Does Bernie Sanders Really Have Working-Class Support?

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Democratic Candidate Bernie Sanders Holds Campaign Rally In Carson, California
Not too many horny-handed sons and daughters of toil in the Sanders camp after all.Photo: David McNew/2016 Getty Images

The idea that he’s fighting for an oppressed and dispossessed working class is central to Bernie Sanders’s identity as an old-school New Dealer closely aligned throughout his career with the labor movement and prone to diagnosing all the country’s problems as a product of economic inequality. Class struggle is also central to his critique of the Democratic Party as an institution that has traded its New Deal heritage of working-class solidarity — especially by promoting trade agreements and financial liberalization — for a mess of Wall Street pottage.

Indeed, some political observers have suggested that Sanders and Donald Trump represent parallel wings of a working-class uprising against political and economic elites. And Trump himself is fond of arguing that, if Bernie is denied the Democratic presidential nomination, his working-class supporters might drift over into the Trump column. 

This all represents a nice, dramatic “narrative.” But the premise that Sanders is the tribune of the working class is full of very large holes.

One problem is the punditocracy’s habit of conflating “working class” with “white working class.” No one believes Sanders is sweeping the African-American or Latino working class, which matters quite a bit because those are the elements of the working class that are tangibly part of the Democratic electoral base. 

But even within the “white working class,” Sanders’s support levels have been exaggerated by a failure to look at some crosscutting variables, as explained at Vox by Jeff Stein:

Because young voters also tend to have lower incomes, the massive age gap between Sanders and Clinton has sometimes looked to observers like a gap in economic class, according to political scientists Matt Grossmann and Alan Abramowitz.

But the most salient divide in the primary is not between rich and poor. It’s between young and old — and between white and black.

I’d interject here that an income-based definition of “working class” has always been problematic because earnings vary so much with age; a young college grad destined for the upper class may temporarily make less than a seasoned union member engaged in manual labor. It’s one reason most analysts use an educational definition for working class as people who do not have a college education (there’s a whole separate argument about how to classify people with “some” as opposed to no college, but let’s not go down that rabbit hole). But even an educational standard is problematic to some extent because college students don’t have a degree any more than their proletarian cousins.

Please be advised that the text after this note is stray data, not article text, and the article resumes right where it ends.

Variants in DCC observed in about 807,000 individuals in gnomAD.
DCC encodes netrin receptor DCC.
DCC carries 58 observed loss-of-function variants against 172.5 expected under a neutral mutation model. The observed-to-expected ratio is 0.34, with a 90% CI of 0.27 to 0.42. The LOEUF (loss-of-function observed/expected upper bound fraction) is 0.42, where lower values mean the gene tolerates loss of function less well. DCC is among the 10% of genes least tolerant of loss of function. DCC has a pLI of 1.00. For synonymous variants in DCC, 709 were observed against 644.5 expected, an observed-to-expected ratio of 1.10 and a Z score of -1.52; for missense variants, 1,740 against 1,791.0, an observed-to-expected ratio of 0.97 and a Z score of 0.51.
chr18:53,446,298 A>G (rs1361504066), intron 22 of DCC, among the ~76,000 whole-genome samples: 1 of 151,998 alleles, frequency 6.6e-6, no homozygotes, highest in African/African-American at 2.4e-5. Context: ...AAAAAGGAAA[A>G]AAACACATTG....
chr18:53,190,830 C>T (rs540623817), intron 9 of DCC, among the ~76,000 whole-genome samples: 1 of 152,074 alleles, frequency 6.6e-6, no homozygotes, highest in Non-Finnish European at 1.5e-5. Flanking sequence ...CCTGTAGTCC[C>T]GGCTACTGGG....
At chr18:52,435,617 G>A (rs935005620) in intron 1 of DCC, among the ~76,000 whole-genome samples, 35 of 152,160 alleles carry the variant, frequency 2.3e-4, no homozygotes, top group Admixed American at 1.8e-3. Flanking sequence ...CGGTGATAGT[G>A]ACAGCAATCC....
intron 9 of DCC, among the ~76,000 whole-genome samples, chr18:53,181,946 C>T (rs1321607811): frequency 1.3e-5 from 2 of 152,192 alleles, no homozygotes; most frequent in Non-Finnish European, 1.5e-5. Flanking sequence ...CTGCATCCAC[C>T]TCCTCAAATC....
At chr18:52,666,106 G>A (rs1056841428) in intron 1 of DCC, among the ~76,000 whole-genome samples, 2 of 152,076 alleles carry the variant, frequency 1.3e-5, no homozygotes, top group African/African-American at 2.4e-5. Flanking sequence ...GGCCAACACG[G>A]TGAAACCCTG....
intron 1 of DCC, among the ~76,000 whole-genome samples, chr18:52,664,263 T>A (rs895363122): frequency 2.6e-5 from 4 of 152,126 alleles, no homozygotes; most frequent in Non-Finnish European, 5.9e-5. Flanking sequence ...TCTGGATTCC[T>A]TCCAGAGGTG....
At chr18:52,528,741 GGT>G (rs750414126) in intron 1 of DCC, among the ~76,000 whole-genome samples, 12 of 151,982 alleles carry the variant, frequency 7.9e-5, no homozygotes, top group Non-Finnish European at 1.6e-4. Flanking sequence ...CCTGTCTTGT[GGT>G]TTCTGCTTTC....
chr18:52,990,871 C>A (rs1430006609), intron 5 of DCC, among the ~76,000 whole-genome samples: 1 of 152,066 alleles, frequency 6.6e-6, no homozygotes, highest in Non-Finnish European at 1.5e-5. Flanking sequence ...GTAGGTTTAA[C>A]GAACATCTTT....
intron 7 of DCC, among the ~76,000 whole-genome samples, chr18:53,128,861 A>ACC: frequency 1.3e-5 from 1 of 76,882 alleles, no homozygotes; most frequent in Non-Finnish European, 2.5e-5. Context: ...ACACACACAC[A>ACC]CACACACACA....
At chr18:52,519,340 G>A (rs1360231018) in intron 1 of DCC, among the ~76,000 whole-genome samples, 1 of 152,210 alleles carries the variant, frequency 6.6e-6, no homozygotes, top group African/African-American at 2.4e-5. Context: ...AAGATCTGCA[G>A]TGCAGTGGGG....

As Stein shows, however, by any definition, class quickly fades as a factor in likelihood to feel the Bern as opposed to age:

If Sanders’s “white working-class” voters aren’t just college students, you’d also expect him to be doing better among downscale middle-aged white voters than rich ones.

But this turned out not to be true: Low-income white people in their 40s, 50s, 60s, and 70s did not break for Sanders. There was little difference in support by income among older voters, with higher-income older white voters actually more likely to support Sanders, according to Grossmann’s Michigan data.

My main concern is that the image of Bernie-supporting older poor people who’ve lost their factory jobs to trade is not supported,” Grossmann says. “I’m least supportive of the idea that there’s a population of white, older workers who lost their jobs and are now supporting Sanders. There’s very little evidence of that.”

Similarly, Abramowitz ran a multivariate analysis to help figure out this question. Abramowitz looked at a large survey data set and asked: What forms of identity actually predict support for Bernie Sanders or Hillary Clinton?

“It was age, and beyond that nothing mattered. Maybe ideology mattered a little bit,” he said. Income was not a factor.

Now, maybe none of this matters and Sanders’s youth appeal indicates he’s winning the fight for the future of the party even if his claim to represent decades of working-class grievances against capitalism isn’t so clear. But at a minimum, a proper understanding of Bernie’s base should reduce fears that his following is transferable to Trump. To put it more sharply, the idea that the actual working-class voters Sanders claims to represent view Clinton as the devil isn’t borne out by the numbers. According to Andrew Levison, who’s conducted the most intensive analysis I’ve seen of the appeal of various candidates to the white working class, Sanders isn’t running that far ahead of Clinton in this demographic to begin with. And of course, if you add in the black and brown working class, any Sanders advantage disappears entirely.

Having said all this, there’s nothing wrong with a candidate’s appeal being based on age rather than class; best I can tell, no candidate has ever run up the kind of numbers among young voters in a competitive presidential nominating contest that Sanders is regularly achieving this year. It’s an impressive accomplishment with obviously large implications for the future Democratic Party. But it’s not a tale of workers rising together to shake off their chains.